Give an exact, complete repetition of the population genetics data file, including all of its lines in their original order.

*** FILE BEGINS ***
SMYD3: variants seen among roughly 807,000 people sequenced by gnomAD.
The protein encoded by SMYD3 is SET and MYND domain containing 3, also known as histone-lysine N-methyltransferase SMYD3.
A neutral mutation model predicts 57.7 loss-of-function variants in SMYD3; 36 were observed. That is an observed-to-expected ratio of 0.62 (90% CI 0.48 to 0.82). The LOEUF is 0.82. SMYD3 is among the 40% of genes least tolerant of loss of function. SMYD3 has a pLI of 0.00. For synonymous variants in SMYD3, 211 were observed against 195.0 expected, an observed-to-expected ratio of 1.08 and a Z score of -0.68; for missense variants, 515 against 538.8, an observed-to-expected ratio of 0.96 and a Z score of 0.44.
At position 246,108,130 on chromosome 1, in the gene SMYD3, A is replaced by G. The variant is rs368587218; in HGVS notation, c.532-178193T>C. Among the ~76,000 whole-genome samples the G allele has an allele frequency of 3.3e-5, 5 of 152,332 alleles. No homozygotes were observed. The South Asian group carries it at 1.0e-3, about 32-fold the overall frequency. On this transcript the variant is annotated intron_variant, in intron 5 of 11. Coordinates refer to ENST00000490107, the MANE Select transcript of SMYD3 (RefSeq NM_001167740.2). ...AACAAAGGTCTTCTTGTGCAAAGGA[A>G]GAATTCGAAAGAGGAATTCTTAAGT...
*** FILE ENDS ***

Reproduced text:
SMYD3: variants seen among roughly 807,000 people sequenced by gnomAD.
The protein encoded by SMYD3 is SET and MYND domain containing 3, also known as histone-lysine N-methyltransferase SMYD3.
A neutral mutation model predicts 57.7 loss-of-function variants in SMYD3; 36 were observed. That is an observed-to-expected ratio of 0.62 (90% CI 0.48 to 0.82). The LOEUF is 0.82. SMYD3 is among the 40% of genes least tolerant of loss of function. SMYD3 has a pLI of 0.00. For synonymous variants in SMYD3, 211 were observed against 195.0 expected, an observed-to-expected ratio of 1.08 and a Z score of -0.68; for missense variants, 515 against 538.8, an observed-to-expected ratio of 0.96 and a Z score of 0.44.
At position 246,108,130 on chromosome 1, in the gene SMYD3, A is replaced by G. The variant is rs368587218; in HGVS notation, c.532-178193T>C. Among the ~76,000 whole-genome samples the G allele has an allele frequency of 3.3e-5, 5 of 152,332 alleles. No homozygotes were observed. The South Asian group carries it at 1.0e-3, about 32-fold the overall frequency. On this transcript the variant is annotated intron_variant, in intron 5 of 11. Coordinates refer to ENST00000490107, the MANE Select transcript of SMYD3 (RefSeq NM_001167740.2). ...AACAAAGGTCTTCTTGTGCAAAGGA[A>G]GAATTCGAAAGAGGAATTCTTAAGT...